3 Steps to a Website so Usable, Your Mother Could Use It!

It’s Mother’s Day.

(Did you forget again?)

Mother’s Day is approaching once again, and most of us, it’s fair to say, have a lot to be thankful for when it comes to our mothers. Not only did our moms guide us through the earliest stages of life, there are so many things that they can do like no one else.

That said, there are a few things moms are notorious for not being so good at- and navigating the web is one of them.

We’ve all held the phone to our ear as a confused mother-in-law tries to figure out how that online order went missing, or which button she was supposed to click on to get to that site.

This article will help you make those concerns a thing of the past.

Here are three usability tips to make your website so simple and straightforward, even your mom could use it!

#1. Make it Easy to Sign Up and Sign In

Gartner notes that,

“Enterprises too often associate usability and user experience (UX) work as a nice-to-have aesthetic rather than an important business value generator. As a result, poor usability undermines business results with external and internal stakeholders.”

It’s your task to turn this around.

If your website encourages its readers to become members, it’s crucial that you make the sign-up and sign-in process as smooth and seamless as possible. Remember, the smallest glitch or delay might make time-pressed web users decide not to bother.

Include the sign-up form for new members right on the home page so that users who are new to the site can see how easy it is to sign up. Allow users to provide their email addresses as login IDs so they’ll be able to remember them when they return to the site.

Include labels inside the boxes rather than outside them, and thereby avoid adding clutter to your web page. Avoid using captchas if possible, as these can be tiresome and sometimes difficult to read. Finally, let users know as soon as possible when they’ve made a mistake in entering data. You don’t want them to have to refill the whole web form because of a simple typo.

#2. Remove Unnecessary Content

Gartner reports that a common UX misconception is that,

“The “prettier” the UI, the easier it is to use.”

Many websites are replete with data, text, and images that do little besides making readers more confused. To keep sites as clean-looking as possible, you might want to include modal windows, which pop up within the site instead of in a new browser window. This keeps users from having several tabs or windows open simultaneously.

Adding hover controls to make icons appear only when the mouse hovers over them will also give your site a cleaner, simpler look.

Another option you might want to implement is expanding forms, which adjust in size as necessary rather than displaying all data options from the outset.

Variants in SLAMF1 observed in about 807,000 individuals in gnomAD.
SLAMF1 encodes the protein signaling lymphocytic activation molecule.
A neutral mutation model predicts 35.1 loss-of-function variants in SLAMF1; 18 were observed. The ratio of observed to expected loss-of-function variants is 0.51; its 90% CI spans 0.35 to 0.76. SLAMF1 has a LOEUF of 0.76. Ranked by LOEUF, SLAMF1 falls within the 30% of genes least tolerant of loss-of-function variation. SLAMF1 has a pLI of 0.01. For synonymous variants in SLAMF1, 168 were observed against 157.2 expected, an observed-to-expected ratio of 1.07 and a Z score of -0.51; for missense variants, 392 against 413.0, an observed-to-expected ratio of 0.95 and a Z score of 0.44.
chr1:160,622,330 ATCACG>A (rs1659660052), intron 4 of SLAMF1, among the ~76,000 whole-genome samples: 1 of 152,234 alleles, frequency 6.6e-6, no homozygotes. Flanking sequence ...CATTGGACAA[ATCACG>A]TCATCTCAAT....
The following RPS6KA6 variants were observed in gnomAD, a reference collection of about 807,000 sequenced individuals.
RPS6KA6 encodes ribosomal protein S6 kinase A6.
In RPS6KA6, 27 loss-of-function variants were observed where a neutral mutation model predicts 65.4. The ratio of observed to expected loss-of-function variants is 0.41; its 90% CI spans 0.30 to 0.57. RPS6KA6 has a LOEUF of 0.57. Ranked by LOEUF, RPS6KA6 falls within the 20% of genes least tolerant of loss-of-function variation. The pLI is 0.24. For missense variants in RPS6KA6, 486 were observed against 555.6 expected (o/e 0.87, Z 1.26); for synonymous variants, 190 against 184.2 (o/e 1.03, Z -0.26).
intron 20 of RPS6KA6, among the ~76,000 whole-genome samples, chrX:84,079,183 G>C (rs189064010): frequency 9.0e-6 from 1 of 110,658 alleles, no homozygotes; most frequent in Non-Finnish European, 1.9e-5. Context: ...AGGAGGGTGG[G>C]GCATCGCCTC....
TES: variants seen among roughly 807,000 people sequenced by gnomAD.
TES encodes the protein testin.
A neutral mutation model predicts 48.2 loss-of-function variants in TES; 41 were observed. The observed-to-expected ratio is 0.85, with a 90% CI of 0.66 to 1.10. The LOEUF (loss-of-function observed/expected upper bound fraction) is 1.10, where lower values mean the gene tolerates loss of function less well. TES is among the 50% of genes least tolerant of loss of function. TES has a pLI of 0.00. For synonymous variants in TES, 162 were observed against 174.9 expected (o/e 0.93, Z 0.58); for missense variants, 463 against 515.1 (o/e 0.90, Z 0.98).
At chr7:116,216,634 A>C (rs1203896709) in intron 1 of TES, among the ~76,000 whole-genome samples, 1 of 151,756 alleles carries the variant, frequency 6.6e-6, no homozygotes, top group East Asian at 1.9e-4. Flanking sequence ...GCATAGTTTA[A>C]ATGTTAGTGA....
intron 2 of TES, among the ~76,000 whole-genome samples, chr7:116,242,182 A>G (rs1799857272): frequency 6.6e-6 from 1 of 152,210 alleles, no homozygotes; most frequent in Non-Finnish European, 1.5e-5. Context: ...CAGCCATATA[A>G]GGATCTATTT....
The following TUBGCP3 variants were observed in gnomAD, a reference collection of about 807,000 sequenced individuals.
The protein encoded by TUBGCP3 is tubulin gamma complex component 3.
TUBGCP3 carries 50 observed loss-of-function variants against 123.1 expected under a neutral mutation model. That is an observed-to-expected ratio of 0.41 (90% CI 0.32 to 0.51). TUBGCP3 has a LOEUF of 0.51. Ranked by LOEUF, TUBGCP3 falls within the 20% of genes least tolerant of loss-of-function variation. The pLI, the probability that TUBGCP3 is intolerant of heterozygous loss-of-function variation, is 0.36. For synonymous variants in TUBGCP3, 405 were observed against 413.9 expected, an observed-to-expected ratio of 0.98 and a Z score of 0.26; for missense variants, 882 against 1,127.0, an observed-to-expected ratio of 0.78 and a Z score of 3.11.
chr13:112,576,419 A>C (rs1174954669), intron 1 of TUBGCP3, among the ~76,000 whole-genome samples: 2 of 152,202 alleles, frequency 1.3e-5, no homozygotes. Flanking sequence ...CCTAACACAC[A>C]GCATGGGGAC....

This will keep your website and its entry forms from appearing too imposing, especially to first-time users or those who aren’t particularly web-savvy.

#3. Aim for Intuitive Navigation

In making your website easy to navigate, it’s important to think in terms of visuals and spacing rather than solely in terms of text.

Lots of words all over a website can be intimidating. Where possible, replace text with easy-to-understand icons. Make these icons and buttons large and well-placed so that your users can’t miss them. In addition, look carefully at the text you do have: sometimes verbal labels and designations only tell users what they already instinctively know.

On more complex websites, it might be a good idea to use a context-based approach rather than making everything feasible from the main page. While this will require users to navigate to different parts of the site to accomplish different tasks, it will increase your main page’s usability.

If you’re designing a mobile app, simplicity is even more important. Given that you’re working with a smaller screen size and a less powerful processor, you’ll need to design a version of the site with no unnecessary images or data in order to minimize page load time. As well, keep lines of text short and punchy; use well-placed links to direct users to more specific content; and avoid horizontal scrolling and pop-up windows at all costs.

The Big Picture

It’s best to do some “big picture” thinking about your website as you begin enhancing its usability.

Ask yourself this: what basic task (or main tasks) are people trying to achieve when they visit your site? Then look for apparent impediments to their ability to achieve these tasks – visual, textual, or otherwise.

To test whether you’ve succeeded in improving your site’s usability, Paul Kennedy at CleanLink offers this great idea: Ask someone unfamiliar with the site to complete a specific task on it, and see how they do.

And who better to ask than your mother?

You might even want to ask the favor of her on Mother’s Day! Just make sure to give her a bouquet of flowers first. If she succeeds in the online task you set for her, chances are, your website will succeed too.


Jessica is the Lead Author & Editor of UsabilityLab Blog. Jessica writes for the UsabilityLab blog to create a source for news and discussion about some of the issues, challenges, news, and ideas relating to usability.